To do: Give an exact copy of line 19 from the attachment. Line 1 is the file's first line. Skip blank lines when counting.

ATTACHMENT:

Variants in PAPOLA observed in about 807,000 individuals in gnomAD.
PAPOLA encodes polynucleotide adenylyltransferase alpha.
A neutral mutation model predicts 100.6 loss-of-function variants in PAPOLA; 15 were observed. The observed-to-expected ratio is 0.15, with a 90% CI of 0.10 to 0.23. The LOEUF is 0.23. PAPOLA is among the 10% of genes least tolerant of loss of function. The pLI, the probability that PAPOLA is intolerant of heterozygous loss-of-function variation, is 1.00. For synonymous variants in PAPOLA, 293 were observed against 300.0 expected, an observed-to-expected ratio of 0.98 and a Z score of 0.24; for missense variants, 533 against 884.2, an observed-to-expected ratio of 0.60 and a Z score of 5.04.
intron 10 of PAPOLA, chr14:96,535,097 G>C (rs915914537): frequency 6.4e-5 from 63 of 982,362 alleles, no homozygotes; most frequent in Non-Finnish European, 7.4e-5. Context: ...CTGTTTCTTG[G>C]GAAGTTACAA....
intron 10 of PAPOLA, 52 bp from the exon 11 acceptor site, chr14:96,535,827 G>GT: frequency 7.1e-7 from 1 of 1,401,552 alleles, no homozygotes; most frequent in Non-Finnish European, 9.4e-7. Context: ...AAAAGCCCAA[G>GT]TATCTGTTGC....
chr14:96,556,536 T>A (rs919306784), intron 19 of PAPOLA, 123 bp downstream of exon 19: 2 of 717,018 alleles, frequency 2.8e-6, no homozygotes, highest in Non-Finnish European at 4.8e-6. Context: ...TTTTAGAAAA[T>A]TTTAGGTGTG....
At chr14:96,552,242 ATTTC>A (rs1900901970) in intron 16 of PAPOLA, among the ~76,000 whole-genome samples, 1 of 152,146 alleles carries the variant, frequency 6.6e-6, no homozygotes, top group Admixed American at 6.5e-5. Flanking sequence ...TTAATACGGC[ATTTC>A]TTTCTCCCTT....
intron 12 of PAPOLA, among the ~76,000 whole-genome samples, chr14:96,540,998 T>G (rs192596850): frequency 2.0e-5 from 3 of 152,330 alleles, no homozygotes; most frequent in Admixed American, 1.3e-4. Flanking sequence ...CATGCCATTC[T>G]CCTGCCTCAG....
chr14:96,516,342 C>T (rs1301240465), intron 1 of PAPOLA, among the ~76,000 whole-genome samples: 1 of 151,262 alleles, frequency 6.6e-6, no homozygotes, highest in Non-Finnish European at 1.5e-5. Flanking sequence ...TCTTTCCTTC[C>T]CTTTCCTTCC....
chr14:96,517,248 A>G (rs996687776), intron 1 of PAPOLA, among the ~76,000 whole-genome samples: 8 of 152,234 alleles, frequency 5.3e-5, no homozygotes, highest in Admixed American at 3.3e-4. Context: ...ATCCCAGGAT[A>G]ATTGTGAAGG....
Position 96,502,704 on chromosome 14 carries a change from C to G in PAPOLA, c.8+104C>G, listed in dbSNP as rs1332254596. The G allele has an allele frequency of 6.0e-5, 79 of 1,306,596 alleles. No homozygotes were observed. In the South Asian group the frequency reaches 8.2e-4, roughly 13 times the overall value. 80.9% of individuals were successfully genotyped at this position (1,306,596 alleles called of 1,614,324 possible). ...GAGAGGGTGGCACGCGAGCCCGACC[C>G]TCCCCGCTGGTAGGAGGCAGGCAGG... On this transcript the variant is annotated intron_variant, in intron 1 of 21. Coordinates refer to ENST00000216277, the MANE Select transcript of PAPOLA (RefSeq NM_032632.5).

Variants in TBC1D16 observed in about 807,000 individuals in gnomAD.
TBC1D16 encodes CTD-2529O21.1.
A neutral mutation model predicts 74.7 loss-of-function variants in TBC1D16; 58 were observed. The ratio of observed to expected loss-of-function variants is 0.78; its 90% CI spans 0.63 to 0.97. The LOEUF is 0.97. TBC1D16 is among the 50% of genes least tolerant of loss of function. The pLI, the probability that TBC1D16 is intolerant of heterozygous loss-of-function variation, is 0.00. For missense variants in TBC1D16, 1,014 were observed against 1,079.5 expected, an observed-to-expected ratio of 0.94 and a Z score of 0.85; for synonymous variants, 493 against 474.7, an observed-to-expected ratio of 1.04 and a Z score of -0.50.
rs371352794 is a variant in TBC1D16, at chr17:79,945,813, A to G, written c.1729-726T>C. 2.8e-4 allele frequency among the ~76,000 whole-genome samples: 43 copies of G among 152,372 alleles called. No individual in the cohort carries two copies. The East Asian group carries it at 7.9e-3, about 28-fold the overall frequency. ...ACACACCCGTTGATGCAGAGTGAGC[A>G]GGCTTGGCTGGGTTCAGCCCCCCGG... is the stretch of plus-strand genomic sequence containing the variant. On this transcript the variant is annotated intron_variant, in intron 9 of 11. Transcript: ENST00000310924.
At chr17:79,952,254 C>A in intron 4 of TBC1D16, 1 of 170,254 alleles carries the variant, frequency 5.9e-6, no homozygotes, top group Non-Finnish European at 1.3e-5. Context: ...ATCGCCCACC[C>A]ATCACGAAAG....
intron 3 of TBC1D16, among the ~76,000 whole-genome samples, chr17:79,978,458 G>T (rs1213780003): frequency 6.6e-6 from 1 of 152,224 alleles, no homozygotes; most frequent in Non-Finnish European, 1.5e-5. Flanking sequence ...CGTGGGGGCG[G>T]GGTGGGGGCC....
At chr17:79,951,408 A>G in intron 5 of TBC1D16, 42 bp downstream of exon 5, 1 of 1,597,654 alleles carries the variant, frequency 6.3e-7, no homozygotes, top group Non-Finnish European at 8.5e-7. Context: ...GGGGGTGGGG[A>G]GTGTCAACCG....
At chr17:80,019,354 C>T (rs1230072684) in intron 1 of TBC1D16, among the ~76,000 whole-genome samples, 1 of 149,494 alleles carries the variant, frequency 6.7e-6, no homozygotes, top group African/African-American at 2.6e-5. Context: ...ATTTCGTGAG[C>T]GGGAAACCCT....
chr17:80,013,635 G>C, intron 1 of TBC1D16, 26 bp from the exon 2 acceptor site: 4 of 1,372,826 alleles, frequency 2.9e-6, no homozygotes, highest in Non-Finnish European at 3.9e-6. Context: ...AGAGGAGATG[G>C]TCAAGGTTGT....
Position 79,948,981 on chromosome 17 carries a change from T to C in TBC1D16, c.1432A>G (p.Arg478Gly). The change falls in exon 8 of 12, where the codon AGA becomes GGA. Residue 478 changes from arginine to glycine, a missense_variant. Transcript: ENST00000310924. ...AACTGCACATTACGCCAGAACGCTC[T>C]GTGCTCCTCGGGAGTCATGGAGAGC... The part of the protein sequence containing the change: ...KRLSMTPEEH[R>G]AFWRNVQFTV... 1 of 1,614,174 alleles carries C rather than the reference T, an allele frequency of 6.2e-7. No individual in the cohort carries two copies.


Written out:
At chr17:80,019,354 C>T (rs1230072684) in intron 1 of TBC1D16, among the ~76,000 whole-genome samples, 1 of 149,494 alleles carries the variant, frequency 6.7e-6, no homozygotes, top group African/African-American at 2.6e-5. Context: ...ATTTCGTGAG[C>T]GGGAAACCCT....